In some cases, adhesive can also be added for even more stability. This is usually done when the base of the walls are damaged or uneven and do not provide strong support around the edges of the flooring.


  • Durable
  • Waterproof
  • Very easy to install and remove
  • Easy to re-installed in a different place


  • Needs to acclimate before installation
  • Improper laying can compromise the durability and waterproof features
  • Not very suitable for high-traffic areas

Peel & Stick vinyl planks

Known also as self-adhesive vinyl planks, they come with an easy and quick installation, making them an excellent choice for many. The specific feature of the Peel and Stick planks is that they have an adhesive backing that sticks to the subfloor and prevents the plank from moving. This makes them suitable for an area with a decent amount of traffic.


  • Quick and easy installation
  • No need to work with additional messy glue
  • Easy to remove without damage to the subfloor
  • Walk on straight away


  • Water can seep through cracks and edges
  • Needs flawless underlayment

Is it better to glue down or float vinyl plank flooring?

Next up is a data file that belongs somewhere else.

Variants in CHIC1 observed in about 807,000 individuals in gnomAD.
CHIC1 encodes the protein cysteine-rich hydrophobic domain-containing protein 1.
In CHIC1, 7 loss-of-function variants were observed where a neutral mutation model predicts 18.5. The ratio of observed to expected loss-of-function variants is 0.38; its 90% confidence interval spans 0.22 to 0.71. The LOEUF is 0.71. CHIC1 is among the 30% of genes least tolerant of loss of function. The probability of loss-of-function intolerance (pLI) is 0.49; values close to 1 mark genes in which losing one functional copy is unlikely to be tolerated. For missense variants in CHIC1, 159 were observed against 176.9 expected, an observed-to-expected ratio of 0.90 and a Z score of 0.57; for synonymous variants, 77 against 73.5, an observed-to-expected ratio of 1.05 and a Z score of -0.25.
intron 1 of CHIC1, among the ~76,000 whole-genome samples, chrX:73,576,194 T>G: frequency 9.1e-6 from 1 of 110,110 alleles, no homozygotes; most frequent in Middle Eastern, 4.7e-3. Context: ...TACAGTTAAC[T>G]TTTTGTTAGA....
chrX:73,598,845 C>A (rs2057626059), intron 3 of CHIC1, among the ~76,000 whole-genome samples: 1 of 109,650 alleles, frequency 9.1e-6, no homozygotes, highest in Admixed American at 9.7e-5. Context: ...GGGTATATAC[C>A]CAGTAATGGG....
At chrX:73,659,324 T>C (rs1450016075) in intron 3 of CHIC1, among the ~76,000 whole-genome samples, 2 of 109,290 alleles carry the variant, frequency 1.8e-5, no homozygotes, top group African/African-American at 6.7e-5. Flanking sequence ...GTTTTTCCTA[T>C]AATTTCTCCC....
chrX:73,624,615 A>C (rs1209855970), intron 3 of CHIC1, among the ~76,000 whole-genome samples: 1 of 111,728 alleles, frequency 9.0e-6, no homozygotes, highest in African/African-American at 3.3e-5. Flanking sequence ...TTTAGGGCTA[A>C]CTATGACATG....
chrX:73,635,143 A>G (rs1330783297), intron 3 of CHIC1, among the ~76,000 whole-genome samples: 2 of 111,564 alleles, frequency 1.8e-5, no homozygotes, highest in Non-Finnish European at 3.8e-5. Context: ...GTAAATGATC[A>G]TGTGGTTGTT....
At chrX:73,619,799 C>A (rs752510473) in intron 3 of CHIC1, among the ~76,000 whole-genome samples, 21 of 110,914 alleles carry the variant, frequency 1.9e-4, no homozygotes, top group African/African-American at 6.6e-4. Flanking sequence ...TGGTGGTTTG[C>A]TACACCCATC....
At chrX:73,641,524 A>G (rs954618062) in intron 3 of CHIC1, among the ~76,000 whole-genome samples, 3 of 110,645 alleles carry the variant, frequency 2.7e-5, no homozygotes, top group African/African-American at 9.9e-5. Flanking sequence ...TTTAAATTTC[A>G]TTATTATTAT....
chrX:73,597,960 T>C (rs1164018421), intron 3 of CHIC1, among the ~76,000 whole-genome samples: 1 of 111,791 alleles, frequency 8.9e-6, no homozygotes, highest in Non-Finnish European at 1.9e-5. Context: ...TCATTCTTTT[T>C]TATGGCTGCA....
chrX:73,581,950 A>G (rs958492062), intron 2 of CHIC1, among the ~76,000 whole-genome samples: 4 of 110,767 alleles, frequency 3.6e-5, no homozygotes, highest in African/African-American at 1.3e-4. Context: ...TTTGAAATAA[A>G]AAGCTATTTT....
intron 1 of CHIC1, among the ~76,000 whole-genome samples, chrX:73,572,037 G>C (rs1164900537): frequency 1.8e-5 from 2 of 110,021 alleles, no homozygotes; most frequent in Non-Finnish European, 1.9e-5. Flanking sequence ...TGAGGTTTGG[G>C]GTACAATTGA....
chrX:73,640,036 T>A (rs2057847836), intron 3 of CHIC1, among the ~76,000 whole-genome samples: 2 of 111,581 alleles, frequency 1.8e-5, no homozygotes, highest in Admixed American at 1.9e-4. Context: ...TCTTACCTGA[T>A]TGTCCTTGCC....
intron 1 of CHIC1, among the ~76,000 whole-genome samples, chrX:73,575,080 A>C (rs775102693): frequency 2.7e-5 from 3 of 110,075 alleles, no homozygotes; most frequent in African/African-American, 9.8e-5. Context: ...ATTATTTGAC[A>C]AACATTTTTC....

Most homeowners find that the self-adhesive and loose lay vinyl floor installations are the easiest since they require minimum effort and skill, while also guarantee some stability for the flooring.

The glue down and floating planks methods are also possible for do-it-yourself projects but can be a little more time-consuming and complicated for homeowners. And depending on the specifics of the room, chances are your will likely require professional help at some point. If you have to decide between glue down or floating vinyl flooring, it comes down to whether the area will receive a high amount of foot traffic.

The glue-down method is considered a permanent choice—it is more durable and withstands pressure better. On the other hand, the floating vinyl flooring can be slightly easier to lay yourself, but then, you may notice sound and movement in the planks over time.

Also, if you plan to replace just some of the planks in a middle section at some point, you will have to take into account that they are more difficult to remove. Because of their interlocking system, you will need to remove the planks systematically until you reach the area you want to replace.

Preparing the area for the vinyl floor installation

What is great about vinyl floors is that they can be installed easily over your old floor. However, you will still need to spend some time preparing the area for the installation.

  • Leaving the planks in the room for 48 hours to acclimate – vinyl planks can change dimensions depending on the temperature and humidity.
  • Removing old flooring – in some cases, you may need to clear your badly damaged old floor (if needed).